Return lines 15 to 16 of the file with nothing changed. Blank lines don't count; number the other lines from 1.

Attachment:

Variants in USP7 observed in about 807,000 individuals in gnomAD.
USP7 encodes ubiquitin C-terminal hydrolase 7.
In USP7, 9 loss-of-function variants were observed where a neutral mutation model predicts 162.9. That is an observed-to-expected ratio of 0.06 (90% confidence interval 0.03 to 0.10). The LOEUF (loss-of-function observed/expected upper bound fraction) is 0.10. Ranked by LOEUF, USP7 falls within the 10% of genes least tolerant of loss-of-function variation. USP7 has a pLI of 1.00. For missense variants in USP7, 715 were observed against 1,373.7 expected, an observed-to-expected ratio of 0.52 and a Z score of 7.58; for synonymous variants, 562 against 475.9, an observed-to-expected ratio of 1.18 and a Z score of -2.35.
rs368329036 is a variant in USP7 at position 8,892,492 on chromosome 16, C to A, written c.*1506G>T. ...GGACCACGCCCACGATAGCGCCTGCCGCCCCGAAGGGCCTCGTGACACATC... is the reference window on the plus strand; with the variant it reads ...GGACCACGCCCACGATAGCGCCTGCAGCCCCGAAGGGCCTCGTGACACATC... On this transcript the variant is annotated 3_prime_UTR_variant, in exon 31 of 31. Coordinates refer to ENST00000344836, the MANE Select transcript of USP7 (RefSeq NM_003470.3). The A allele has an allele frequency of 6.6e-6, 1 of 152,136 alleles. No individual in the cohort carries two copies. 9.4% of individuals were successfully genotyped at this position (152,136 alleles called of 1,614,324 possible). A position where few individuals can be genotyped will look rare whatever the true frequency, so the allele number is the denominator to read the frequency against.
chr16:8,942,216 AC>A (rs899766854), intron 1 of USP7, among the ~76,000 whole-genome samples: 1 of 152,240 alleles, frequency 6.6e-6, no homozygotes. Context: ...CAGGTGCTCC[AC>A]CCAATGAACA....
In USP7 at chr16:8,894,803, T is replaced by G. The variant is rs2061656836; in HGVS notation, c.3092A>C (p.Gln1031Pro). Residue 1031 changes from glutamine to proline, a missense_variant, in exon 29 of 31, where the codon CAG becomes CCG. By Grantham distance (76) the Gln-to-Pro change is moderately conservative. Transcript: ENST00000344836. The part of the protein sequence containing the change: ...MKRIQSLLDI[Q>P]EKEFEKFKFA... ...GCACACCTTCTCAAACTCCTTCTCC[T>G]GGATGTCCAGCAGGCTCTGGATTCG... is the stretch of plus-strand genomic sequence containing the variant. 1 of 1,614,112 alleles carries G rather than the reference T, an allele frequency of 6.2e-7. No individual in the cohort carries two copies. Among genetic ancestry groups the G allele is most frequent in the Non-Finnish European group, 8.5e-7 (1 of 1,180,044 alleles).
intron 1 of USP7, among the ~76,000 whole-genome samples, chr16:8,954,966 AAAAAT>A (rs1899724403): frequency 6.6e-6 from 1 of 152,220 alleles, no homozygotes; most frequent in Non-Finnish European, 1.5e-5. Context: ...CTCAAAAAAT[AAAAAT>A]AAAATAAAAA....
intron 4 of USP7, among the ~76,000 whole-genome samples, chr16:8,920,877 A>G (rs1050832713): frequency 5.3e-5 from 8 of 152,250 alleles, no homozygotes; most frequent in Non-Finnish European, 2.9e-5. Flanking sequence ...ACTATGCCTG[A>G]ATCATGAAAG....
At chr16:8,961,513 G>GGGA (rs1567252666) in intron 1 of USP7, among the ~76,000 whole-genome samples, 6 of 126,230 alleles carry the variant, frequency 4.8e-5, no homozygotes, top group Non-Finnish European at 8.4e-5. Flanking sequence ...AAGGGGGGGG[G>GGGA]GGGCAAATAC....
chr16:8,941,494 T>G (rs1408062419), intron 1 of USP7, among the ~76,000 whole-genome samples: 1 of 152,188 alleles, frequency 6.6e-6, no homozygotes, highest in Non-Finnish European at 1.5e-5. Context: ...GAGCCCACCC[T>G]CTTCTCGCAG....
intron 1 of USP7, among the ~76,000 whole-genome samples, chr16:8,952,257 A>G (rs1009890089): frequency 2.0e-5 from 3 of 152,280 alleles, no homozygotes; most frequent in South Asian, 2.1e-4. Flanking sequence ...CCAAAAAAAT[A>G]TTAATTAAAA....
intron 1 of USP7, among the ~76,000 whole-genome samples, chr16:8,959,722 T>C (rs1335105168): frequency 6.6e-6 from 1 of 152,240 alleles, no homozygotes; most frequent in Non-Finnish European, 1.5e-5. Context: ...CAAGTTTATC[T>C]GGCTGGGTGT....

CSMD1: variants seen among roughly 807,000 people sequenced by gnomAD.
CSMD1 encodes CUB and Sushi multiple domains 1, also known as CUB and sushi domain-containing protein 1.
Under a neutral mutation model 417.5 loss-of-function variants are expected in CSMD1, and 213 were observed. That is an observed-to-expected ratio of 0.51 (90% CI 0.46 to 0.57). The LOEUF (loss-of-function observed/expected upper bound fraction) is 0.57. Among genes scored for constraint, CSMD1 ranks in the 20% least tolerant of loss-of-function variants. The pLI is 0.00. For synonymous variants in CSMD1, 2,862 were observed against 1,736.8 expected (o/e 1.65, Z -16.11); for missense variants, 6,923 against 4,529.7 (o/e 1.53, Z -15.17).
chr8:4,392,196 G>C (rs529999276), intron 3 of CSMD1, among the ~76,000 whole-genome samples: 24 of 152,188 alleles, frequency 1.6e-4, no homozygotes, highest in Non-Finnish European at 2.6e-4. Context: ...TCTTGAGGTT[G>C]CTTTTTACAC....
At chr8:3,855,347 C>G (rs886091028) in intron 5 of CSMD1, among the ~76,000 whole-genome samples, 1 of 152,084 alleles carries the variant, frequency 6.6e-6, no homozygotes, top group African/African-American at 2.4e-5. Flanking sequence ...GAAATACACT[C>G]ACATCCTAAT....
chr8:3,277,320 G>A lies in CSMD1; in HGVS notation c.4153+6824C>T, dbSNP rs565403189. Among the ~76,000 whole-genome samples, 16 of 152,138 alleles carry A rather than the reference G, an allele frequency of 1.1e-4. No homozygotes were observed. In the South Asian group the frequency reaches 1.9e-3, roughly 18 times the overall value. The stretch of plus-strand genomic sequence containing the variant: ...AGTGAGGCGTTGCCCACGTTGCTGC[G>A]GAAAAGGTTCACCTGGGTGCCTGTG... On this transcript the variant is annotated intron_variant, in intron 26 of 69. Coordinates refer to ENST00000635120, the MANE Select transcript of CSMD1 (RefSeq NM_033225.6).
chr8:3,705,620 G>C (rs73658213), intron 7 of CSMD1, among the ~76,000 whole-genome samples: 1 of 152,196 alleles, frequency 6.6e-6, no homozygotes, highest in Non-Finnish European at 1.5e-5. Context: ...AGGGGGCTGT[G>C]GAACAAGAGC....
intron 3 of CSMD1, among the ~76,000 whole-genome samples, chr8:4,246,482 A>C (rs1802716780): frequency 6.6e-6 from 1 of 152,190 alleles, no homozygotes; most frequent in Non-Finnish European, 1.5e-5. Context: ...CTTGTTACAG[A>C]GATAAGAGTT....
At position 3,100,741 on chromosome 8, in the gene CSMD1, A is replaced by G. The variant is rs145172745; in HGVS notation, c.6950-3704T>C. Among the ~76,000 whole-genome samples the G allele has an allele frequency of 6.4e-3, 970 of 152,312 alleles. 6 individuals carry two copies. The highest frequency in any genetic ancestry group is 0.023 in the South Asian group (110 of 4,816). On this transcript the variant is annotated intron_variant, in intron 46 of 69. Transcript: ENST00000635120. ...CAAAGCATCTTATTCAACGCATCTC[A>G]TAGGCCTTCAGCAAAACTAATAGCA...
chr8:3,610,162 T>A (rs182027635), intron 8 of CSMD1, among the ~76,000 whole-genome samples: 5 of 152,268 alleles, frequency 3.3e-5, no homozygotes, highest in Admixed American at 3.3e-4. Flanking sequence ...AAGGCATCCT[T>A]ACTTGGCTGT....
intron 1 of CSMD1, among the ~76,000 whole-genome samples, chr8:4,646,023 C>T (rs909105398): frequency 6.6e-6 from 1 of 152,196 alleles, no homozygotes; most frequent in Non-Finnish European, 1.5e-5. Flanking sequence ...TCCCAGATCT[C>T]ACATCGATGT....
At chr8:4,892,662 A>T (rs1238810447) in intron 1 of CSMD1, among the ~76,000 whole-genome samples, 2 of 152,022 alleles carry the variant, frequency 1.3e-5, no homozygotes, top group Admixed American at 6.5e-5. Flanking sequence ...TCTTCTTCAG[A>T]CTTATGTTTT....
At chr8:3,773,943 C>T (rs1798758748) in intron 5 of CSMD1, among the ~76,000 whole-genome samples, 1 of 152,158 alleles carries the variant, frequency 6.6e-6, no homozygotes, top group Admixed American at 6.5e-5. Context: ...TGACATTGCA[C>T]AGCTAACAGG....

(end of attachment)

Under a neutral mutation model 417.5 loss-of-function variants are expected in CSMD1, and 213 were observed. That is an observed-to-expected ratio of 0.51 (90% CI 0.46 to 0.57). The LOEUF (loss-of-function observed/expected upper bound fraction) is 0.57. Among genes scored for constraint, CSMD1 ranks in the 20% least tolerant of loss-of-function variants. The pLI is 0.00. For synonymous variants in CSMD1, 2,862 were observed against 1,736.8 expected (o/e 1.65, Z -16.11); for missense variants, 6,923 against 4,529.7 (o/e 1.53, Z -15.17).
chr8:4,392,196 G>C (rs529999276), intron 3 of CSMD1, among the ~76,000 whole-genome samples: 24 of 152,188 alleles, frequency 1.6e-4, no homozygotes, highest in Non-Finnish European at 2.6e-4. Context: ...TCTTGAGGTT[G>C]CTTTTTACAC....